George R. Stewart’s forgotten biography of George Derby

After ORDEAL BY HUNGER, with its landmark Whole Earth vision, George R. Stewart wrote another biography.  The book, JOHN PHOENIX, ESQ, THE VERITABLE SQUIBOB:  A LIFE OF CAPTAIN GEORGE H. DERBY, U.S.A.,  forgotten by all but scholars, is about the first great American humorist.   Derby, A topographical engineer with the army, came from an urbane eastern background, but found himself posted to the far west.  There, he mapped the Central Valley of California and the lower Colorado River, among other places.  Posted to San Diego, and bored by the sleepy little town, Derby began writing humorous sketches about life in the west.

He fleshed out those stories by playing practical jokes on local folks.   For example, when a local Democratic editor asked Derby to take over his editorial duties for a time, Derby turned the newspaper into a voice for the Whig Party and won the election in the area for the Whigs — not for political reasons, but for fun.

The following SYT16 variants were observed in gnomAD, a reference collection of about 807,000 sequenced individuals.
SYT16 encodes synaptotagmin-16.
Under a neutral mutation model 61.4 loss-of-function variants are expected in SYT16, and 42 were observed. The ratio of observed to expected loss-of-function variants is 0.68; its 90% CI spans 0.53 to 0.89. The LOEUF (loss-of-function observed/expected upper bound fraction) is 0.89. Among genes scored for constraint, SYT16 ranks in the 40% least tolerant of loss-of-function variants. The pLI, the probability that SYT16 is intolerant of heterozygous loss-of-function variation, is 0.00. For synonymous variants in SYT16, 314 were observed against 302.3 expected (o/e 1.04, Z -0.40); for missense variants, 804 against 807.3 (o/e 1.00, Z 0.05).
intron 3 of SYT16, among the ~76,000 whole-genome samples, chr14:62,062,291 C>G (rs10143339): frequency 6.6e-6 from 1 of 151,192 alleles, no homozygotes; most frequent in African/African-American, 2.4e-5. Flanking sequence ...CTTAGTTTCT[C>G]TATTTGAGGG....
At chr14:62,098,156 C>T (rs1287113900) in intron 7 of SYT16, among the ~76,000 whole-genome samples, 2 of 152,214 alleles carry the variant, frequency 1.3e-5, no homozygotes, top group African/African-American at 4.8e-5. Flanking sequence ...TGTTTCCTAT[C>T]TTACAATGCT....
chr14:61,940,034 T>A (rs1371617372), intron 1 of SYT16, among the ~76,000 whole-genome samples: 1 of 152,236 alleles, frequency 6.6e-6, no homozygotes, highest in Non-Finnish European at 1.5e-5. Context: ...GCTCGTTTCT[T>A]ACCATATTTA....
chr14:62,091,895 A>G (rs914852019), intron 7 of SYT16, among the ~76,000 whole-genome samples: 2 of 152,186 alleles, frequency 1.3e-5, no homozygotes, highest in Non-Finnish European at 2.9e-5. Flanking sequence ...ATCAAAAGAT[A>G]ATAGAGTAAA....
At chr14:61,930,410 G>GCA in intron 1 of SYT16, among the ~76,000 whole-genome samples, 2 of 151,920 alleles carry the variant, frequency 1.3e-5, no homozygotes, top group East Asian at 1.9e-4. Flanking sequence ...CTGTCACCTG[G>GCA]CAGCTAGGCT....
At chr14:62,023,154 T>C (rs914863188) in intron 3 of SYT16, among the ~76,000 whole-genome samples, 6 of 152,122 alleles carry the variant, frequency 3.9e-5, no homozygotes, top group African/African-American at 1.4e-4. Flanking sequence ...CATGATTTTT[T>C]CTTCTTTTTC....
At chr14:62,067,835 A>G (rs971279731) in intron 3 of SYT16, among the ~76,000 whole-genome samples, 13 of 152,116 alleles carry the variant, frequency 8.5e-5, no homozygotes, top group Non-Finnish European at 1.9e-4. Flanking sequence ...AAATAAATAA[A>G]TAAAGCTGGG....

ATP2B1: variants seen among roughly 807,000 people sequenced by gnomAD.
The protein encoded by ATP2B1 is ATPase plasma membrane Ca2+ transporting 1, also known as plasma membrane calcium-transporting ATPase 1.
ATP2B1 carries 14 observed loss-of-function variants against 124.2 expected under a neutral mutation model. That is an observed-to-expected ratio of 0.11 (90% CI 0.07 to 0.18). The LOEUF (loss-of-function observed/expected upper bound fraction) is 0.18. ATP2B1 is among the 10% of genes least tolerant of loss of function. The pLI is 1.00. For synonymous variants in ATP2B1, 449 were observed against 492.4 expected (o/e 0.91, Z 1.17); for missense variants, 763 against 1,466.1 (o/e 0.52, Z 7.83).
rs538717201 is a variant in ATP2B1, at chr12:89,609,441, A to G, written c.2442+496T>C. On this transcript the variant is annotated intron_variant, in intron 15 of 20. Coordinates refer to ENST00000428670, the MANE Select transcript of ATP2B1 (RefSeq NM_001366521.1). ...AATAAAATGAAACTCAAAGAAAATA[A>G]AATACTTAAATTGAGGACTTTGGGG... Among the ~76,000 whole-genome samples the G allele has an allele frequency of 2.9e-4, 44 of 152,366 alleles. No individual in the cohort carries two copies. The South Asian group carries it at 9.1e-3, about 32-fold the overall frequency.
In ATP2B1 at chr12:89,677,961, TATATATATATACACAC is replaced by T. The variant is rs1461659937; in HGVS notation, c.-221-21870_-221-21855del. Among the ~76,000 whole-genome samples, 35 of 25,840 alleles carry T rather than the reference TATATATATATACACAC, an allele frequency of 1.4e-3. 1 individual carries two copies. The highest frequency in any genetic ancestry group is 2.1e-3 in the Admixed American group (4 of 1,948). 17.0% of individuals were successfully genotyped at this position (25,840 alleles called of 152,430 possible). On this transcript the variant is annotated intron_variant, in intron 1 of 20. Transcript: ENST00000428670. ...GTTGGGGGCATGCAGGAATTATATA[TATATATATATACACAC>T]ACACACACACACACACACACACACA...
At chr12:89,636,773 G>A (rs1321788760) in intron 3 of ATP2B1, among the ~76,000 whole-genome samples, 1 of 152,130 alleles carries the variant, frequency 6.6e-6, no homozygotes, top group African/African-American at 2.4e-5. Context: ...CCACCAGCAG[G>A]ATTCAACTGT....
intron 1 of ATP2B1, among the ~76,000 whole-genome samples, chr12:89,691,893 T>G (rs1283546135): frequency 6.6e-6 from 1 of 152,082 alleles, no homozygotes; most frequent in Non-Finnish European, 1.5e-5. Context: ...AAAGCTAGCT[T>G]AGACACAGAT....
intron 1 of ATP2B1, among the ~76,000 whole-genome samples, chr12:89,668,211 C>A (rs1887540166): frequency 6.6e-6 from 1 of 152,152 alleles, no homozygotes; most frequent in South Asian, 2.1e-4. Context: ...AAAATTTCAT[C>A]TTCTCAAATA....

Stewart believed  that Derby may have influenced Sam Clemens to take up humorous writing AND a pen name.  Derby often traveled on the Mississippi when young Sam was piloting steamboats, and could easily have encountered the future humorist.   If so – and it is often the case that when new ideas enter the world they begin with a pioneer like Derby (or Stewart) and are then refined and made famous by others mentored by the pioneers – Derby deserves great credit for his shaping of American humor.

For more on Derby, see this humorous biography of the writer published in the early twentieth century:

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